Headicar P, Stokes, G. (2016) On the Move 2: Making sense of travel trends in England 1995-2014: Technical Report. Independent Transport Commission. http://www.theitc.org.uk/wp-content/uploads/2016/11/OTM2-Technical-Report-FINAL.pdf.
Le Vine S, Polak, J, Humphrey, A. (2017) Commuting Trends in England 1988-2015. Department for Transport. https://www.gov.uk/government/publications/commuting-trends-in-england-1988-to-2015.
Marsden G, Dales, J, Jones, P, Seagriff, E, Spurling, N. (2018) All Change? The future of travel demand and the implications for policy and planning. The First Report of the Commission on Travel Demand. http://www.demand.ac.uk/wp-content/uploads/2018/04/FutureTravel_report_final.pdf.
Stillwell D, Cummings, J, Slocombe, M. (eds). (2018) Analyses from the National Travel Survey: Statistical Release. Department for Transport. https://assets.publishing.service.gov.uk/government/uploads/system/uploads/attachment_data/file/674568/analysis-from-the-national-travel-survey.pdf.
Stillwell D, Kelly, A, Slocombe, M. (eds). (2019) Analyses from the National Travel Survey: Statistical Release. Department for Transport. https://assets.publishing.service.gov.uk/government/uploads/system/uploads/attachment_data/file/775032/2019-nts-commissioned-analyses.pdf.

Subjectively Assessed Places

I was reading up recently on ‘objectively assessed need’ – for housing, not transport. Our land use planning colleagues in England who work in policy development at local government level start their plan-making by calculating something called ‘objectively assessed need’. The number of court cases related to housing allocations since this calculation became national policy 8 years ago suggests that it is not necessarily ‘objective’. Indeed, even with a new ‘standard method’ introduced by the revised National Planning Policy Framework, I would argue that it is still very much subjective. Yet that is only a problem because of claims to objectivity in the first place. This is a problem long faced by transport modellers, and which, for both, could be overcome by embracing subjectivity of place.

But let me take a step back. Objectively assessed need is intended to be a transparent methodology to tackle the lack of housing, house-building, and affordability in the country by calculating how many houses need to be built, ideally within, local planning authorities over set time periods. The idea is that this calculation should take place at the outset, before considering any other matters, including land availability. The basis of the calculation in the new standard method is national demographic statistics that have already been pre-processed into ‘household formation’ forecasts, which is then boosted by a ratio of the affordability of local housing stock compared to local income. It is the ‘predict and provide’ of housing.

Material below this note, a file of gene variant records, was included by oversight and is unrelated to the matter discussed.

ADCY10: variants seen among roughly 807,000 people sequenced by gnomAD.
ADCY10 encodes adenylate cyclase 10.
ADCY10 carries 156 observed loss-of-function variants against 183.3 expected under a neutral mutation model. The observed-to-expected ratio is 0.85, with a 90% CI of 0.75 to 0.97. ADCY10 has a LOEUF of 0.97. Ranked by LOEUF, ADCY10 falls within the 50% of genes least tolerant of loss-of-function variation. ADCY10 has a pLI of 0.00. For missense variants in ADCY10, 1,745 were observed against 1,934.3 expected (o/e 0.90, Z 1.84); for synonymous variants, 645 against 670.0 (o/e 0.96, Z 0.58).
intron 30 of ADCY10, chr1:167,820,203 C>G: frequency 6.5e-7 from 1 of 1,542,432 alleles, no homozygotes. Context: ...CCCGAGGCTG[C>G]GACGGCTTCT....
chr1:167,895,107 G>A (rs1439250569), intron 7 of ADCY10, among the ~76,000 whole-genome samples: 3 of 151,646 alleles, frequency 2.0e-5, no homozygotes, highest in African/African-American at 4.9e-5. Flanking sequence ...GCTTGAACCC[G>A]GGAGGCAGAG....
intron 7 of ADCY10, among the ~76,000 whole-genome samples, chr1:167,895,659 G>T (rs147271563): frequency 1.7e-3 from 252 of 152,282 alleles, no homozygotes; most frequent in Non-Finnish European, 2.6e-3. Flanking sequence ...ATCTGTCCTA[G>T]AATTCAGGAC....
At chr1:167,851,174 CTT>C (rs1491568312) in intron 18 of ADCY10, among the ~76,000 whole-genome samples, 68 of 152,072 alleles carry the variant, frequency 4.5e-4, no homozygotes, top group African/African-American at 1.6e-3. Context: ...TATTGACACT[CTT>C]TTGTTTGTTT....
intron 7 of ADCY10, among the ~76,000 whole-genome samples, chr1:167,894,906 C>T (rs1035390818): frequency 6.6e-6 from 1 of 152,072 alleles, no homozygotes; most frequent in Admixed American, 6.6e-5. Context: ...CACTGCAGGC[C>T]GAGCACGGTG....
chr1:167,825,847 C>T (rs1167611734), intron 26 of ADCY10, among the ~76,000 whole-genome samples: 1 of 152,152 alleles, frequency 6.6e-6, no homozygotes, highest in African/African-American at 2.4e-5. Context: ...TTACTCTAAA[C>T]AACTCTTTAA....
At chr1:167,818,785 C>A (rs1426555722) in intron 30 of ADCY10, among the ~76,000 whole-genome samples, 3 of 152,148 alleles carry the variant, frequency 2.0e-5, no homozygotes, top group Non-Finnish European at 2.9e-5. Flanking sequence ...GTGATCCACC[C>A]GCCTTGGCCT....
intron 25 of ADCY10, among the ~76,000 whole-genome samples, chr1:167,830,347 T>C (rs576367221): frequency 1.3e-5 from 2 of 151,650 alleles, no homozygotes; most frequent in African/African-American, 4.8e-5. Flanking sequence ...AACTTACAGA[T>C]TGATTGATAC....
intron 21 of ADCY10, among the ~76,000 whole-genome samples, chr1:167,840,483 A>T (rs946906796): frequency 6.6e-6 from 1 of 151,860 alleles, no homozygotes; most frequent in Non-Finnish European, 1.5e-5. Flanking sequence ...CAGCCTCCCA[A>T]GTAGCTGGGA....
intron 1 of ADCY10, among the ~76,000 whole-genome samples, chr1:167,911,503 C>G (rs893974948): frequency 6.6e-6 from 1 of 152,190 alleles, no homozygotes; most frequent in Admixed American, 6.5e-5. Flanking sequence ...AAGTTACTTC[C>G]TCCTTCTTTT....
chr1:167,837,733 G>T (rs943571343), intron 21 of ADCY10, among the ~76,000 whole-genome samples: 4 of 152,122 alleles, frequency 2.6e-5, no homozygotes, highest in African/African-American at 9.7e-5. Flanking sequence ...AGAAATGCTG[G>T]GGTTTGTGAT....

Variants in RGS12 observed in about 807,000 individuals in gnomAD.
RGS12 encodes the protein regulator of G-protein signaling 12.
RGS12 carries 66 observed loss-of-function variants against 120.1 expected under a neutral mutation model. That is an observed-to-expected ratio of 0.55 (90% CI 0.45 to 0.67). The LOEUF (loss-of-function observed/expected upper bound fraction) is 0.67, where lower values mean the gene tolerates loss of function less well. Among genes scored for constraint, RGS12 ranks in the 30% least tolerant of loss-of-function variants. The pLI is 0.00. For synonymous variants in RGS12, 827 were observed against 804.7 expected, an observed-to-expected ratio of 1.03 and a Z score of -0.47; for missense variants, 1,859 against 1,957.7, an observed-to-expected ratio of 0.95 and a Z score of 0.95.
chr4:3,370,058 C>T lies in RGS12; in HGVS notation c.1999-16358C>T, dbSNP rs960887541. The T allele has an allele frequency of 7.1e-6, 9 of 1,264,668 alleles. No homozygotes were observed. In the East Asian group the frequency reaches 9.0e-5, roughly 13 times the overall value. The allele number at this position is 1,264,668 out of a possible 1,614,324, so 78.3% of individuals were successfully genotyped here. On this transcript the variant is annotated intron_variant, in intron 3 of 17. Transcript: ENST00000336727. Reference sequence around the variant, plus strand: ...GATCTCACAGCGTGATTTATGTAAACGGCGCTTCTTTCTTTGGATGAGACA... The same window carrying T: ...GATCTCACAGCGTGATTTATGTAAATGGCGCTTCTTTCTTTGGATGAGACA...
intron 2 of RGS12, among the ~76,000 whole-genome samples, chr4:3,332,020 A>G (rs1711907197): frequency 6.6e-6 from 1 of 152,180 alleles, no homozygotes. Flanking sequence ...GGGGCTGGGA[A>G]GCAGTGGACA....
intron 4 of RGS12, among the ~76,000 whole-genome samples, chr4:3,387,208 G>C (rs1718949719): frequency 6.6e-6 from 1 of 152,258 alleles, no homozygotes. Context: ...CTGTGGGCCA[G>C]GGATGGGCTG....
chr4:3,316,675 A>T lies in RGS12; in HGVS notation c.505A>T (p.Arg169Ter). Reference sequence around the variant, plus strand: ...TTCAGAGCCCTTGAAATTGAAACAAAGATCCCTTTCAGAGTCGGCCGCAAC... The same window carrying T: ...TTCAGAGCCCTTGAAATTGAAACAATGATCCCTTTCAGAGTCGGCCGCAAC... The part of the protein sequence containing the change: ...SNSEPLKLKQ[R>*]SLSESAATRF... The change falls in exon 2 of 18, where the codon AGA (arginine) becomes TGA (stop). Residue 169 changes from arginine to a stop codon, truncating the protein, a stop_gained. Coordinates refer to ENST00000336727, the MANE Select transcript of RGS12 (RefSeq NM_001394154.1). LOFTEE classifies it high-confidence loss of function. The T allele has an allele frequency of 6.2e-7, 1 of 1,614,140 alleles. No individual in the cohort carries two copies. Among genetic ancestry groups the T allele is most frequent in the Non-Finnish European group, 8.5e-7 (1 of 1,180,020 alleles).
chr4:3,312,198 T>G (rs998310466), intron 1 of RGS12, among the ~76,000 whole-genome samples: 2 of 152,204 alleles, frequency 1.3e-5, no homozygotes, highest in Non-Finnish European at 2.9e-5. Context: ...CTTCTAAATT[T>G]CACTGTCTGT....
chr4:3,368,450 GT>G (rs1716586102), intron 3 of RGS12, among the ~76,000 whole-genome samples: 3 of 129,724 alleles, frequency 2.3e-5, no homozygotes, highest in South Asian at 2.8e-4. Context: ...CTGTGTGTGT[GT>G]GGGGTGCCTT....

Yet just as studies have shown that population growth, economic growth, and fuel prices are no longer (if they ever were) directly linked to traffic growth, so household formation and house prices do not appear the best indication of how many new houses people need. Mainly because all these things are taken out of their spatial context. Demographic and economic trends affect urban and rural places differently. The availability and quality of technology and its future uncertainties differ by region. Accessibility to local services and living costs might have a greater influence than housing affordability on household formation or its suppression, never mind car dependency, commuting patterns, and the availability and quality of existing residential stock. A standard methodology is hardly likely to be equally and objectively accurate in every place.

Furthermore, even if and perhaps because these various input statistics are for use at the level of the responsible local authority for planning or transport, subjectivity is unavoidable before the analysis even begins. Local authorities and their administrative boundaries were determined by history and politics, not by functional economic, labour, or transport considerations. Boundaries can sever locally-recognised neighbourhoods, service catchment areas, and appropriate housing or transport inputs for forecasting. Thus, such forecasts cannot be objective.

But is this a problem? Not if the subjectivity of places is embraced. Not if professional land use and transport planners are empowered to apply knowledge of local circumstances to their understanding of future demographic or economic trends, and to integrate their vision of accessibility and sustainability. Not if local people are engaged to consider a future that tolerates growth and change and is sensitive to the community’s existing culture. We need transparent methodologies, but not ones divorced from the places for which they are planning. Places which may be best assessed with subjectivity, sensitivity, and professionalism, rather than objectivity, standardisation, and regulatory rubber-stamping.